Agnes Varda and JR have similarities: a passion and questioning of images in general and more precisely on the places and the devices to show them, to share them, to expose them. Agnes chose the cinema. JR chose to create galleries of outdoor photographs. When Agnes and JR met in 2015, they immediately wanted to work together, shoot a movie in France away from the cities, traveling with JR’s photographic (and magical) truck. Random meetings or projects prepared, they went to the others, listened to them, photographed and sometimes posted. The film also tells the story of their friendship that grew up during the filming, between surprises and teasing, laughing at their differences.
Agnès Varda may now be one of our oldest filmmakers, but her work possesses a youthful vivacity unparalleled among her peers of any age. Her latest documentary, co-directed with the mysterious French street artist known only as JR, is inquisitive and playful. The filmmakers board JR’s photo-truck—painted to resemble a giant camera—and travel from village to village, where they meet locals, talk to them about their lives and create immense portraits of them, which are mounted on buildings throughout their communities. Not unlike Varda’s first film, La Pointe Courte, Faces Places pays homage to the vibrancy, diversity and dignity of life beyond the urban centers that typically dominate the big screen. Vive la différence! –Jaie Laplante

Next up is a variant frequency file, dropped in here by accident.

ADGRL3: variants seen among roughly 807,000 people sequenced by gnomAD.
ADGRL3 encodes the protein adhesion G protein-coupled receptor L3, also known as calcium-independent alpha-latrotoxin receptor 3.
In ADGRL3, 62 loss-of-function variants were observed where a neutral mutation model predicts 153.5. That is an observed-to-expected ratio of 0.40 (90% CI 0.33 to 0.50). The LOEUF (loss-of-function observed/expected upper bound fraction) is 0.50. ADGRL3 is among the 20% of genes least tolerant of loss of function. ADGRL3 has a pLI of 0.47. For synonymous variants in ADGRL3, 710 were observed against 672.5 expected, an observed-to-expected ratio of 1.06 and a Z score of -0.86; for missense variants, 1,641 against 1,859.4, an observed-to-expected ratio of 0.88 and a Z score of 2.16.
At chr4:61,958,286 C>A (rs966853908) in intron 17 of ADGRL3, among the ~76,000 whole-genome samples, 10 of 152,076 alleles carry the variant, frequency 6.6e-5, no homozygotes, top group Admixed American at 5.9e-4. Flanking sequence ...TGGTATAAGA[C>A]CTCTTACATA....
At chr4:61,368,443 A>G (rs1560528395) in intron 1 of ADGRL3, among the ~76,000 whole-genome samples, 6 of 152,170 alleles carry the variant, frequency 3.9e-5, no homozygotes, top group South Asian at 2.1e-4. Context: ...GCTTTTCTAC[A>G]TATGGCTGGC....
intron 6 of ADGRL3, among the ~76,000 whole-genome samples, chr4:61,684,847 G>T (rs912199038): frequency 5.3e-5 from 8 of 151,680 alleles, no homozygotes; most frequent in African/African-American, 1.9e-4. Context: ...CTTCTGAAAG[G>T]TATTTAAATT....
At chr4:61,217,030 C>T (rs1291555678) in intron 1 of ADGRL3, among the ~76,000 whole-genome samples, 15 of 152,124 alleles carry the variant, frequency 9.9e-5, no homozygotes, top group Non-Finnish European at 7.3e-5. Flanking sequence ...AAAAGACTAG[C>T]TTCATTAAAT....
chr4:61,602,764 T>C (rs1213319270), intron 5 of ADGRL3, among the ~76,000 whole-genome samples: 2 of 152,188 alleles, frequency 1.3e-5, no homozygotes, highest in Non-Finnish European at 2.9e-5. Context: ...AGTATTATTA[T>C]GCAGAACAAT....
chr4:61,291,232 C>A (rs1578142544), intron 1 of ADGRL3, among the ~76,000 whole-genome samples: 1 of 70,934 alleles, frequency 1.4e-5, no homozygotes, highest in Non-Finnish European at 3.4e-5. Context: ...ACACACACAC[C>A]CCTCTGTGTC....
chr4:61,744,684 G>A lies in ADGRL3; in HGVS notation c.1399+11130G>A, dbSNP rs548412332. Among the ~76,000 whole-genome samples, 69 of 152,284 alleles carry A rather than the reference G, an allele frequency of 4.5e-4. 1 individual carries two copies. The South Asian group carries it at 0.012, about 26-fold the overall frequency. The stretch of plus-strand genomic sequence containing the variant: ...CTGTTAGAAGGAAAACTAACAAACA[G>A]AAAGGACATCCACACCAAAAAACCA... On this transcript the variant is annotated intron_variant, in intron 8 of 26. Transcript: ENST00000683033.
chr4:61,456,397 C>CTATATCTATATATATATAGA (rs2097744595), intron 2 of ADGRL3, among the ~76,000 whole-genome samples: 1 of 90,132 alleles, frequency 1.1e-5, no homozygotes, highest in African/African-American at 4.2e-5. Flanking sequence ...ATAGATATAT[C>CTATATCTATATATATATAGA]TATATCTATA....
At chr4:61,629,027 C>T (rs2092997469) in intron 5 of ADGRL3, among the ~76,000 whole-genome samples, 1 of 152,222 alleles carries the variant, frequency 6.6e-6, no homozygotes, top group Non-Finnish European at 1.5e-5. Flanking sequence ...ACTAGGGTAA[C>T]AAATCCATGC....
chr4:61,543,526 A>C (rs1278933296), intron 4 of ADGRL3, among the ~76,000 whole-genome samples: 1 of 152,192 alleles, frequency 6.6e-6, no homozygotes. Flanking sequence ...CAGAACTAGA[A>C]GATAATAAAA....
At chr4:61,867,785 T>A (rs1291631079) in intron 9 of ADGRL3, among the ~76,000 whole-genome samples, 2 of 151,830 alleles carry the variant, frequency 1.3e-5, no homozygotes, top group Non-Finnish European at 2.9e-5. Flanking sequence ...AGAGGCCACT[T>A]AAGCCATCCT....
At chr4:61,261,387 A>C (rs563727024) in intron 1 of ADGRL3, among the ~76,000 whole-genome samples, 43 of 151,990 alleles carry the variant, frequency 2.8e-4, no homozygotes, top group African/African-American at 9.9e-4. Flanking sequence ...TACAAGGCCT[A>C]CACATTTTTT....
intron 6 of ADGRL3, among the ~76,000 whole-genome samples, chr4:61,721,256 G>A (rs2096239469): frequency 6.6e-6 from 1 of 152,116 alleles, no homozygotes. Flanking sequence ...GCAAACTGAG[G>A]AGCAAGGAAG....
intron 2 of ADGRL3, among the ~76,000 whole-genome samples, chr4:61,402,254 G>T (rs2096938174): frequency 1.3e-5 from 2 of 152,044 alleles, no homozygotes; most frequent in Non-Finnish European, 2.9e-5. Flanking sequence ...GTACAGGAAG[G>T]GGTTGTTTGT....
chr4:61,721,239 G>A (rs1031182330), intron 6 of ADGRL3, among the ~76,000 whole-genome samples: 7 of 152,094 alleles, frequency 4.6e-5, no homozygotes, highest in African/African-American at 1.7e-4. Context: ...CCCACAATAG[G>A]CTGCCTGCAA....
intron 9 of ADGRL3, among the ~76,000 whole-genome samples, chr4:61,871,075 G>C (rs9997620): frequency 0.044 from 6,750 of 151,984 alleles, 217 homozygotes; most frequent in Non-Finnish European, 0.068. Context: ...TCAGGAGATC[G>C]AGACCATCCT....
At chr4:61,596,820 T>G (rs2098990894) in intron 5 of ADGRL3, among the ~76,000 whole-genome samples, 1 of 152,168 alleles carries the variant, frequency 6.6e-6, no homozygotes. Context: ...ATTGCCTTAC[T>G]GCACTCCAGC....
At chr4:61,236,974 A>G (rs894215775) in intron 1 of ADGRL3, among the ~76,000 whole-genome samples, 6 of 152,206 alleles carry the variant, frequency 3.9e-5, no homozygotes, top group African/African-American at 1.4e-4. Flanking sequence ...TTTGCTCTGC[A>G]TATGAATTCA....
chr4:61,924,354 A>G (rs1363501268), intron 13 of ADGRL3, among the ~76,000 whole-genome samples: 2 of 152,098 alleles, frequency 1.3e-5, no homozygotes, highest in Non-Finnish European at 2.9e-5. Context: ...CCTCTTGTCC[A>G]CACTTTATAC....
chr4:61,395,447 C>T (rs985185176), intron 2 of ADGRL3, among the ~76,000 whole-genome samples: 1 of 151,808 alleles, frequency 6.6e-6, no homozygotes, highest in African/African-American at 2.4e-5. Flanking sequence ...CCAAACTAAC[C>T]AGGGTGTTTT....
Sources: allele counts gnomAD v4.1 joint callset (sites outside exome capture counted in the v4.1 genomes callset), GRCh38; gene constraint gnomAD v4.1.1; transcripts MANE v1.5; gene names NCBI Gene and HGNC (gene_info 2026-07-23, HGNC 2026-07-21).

Winner of the L’Oeil d’Or (Golden Eye) awarded by the French Writers Society as Best Documentary at the 2017 Cannes Film Festival, the legendary French director, a pioneer of the French New Wave alongside Jean-Luc Godard, partners with a young street artist with an enormous Instagram following for a whimsical exploration of the small French villages of Varda’s memories.